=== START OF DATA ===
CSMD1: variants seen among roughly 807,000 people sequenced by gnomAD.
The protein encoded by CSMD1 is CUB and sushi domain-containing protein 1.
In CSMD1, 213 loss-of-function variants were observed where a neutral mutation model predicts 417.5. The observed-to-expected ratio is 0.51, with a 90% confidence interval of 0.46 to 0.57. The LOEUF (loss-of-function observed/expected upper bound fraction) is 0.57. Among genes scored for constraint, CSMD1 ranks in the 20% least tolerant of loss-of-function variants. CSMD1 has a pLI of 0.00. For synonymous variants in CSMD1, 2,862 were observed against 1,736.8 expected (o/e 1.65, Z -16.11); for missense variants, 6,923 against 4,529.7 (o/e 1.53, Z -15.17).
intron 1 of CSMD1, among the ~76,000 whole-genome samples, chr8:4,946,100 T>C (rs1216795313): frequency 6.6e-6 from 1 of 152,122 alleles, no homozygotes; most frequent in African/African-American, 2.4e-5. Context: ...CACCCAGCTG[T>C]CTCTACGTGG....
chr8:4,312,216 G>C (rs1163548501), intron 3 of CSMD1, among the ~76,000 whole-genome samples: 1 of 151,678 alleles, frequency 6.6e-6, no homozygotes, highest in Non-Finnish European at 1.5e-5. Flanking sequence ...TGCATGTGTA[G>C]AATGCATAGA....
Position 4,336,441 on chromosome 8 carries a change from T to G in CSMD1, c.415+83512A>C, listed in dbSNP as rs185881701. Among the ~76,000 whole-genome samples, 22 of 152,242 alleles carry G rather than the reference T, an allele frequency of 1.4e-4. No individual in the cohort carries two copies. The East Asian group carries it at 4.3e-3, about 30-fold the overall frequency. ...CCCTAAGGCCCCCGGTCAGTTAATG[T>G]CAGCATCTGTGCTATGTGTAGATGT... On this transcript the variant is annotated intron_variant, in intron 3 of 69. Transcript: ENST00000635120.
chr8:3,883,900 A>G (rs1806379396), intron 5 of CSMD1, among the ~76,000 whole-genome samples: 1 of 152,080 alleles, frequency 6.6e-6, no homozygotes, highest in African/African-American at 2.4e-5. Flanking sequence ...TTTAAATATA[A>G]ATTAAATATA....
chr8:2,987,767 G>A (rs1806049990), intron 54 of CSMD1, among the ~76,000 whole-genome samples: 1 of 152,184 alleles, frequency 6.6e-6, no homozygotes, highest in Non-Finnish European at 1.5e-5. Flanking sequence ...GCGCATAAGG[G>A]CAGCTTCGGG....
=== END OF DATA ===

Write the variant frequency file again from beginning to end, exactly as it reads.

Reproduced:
CSMD1: variants seen among roughly 807,000 people sequenced by gnomAD.
The protein encoded by CSMD1 is CUB and sushi domain-containing protein 1.
In CSMD1, 213 loss-of-function variants were observed where a neutral mutation model predicts 417.5. The observed-to-expected ratio is 0.51, with a 90% confidence interval of 0.46 to 0.57. The LOEUF (loss-of-function observed/expected upper bound fraction) is 0.57. Among genes scored for constraint, CSMD1 ranks in the 20% least tolerant of loss-of-function variants. CSMD1 has a pLI of 0.00. For synonymous variants in CSMD1, 2,862 were observed against 1,736.8 expected (o/e 1.65, Z -16.11); for missense variants, 6,923 against 4,529.7 (o/e 1.53, Z -15.17).
intron 1 of CSMD1, among the ~76,000 whole-genome samples, chr8:4,946,100 T>C (rs1216795313): frequency 6.6e-6 from 1 of 152,122 alleles, no homozygotes; most frequent in African/African-American, 2.4e-5. Context: ...CACCCAGCTG[T>C]CTCTACGTGG....
chr8:4,312,216 G>C (rs1163548501), intron 3 of CSMD1, among the ~76,000 whole-genome samples: 1 of 151,678 alleles, frequency 6.6e-6, no homozygotes, highest in Non-Finnish European at 1.5e-5. Flanking sequence ...TGCATGTGTA[G>C]AATGCATAGA....
Position 4,336,441 on chromosome 8 carries a change from T to G in CSMD1, c.415+83512A>C, listed in dbSNP as rs185881701. Among the ~76,000 whole-genome samples, 22 of 152,242 alleles carry G rather than the reference T, an allele frequency of 1.4e-4. No individual in the cohort carries two copies. The East Asian group carries it at 4.3e-3, about 30-fold the overall frequency. ...CCCTAAGGCCCCCGGTCAGTTAATG[T>G]CAGCATCTGTGCTATGTGTAGATGT... On this transcript the variant is annotated intron_variant, in intron 3 of 69. Transcript: ENST00000635120.
chr8:3,883,900 A>G (rs1806379396), intron 5 of CSMD1, among the ~76,000 whole-genome samples: 1 of 152,080 alleles, frequency 6.6e-6, no homozygotes, highest in African/African-American at 2.4e-5. Flanking sequence ...TTTAAATATA[A>G]ATTAAATATA....
chr8:2,987,767 G>A (rs1806049990), intron 54 of CSMD1, among the ~76,000 whole-genome samples: 1 of 152,184 alleles, frequency 6.6e-6, no homozygotes, highest in Non-Finnish European at 1.5e-5. Flanking sequence ...GCGCATAAGG[G>A]CAGCTTCGGG....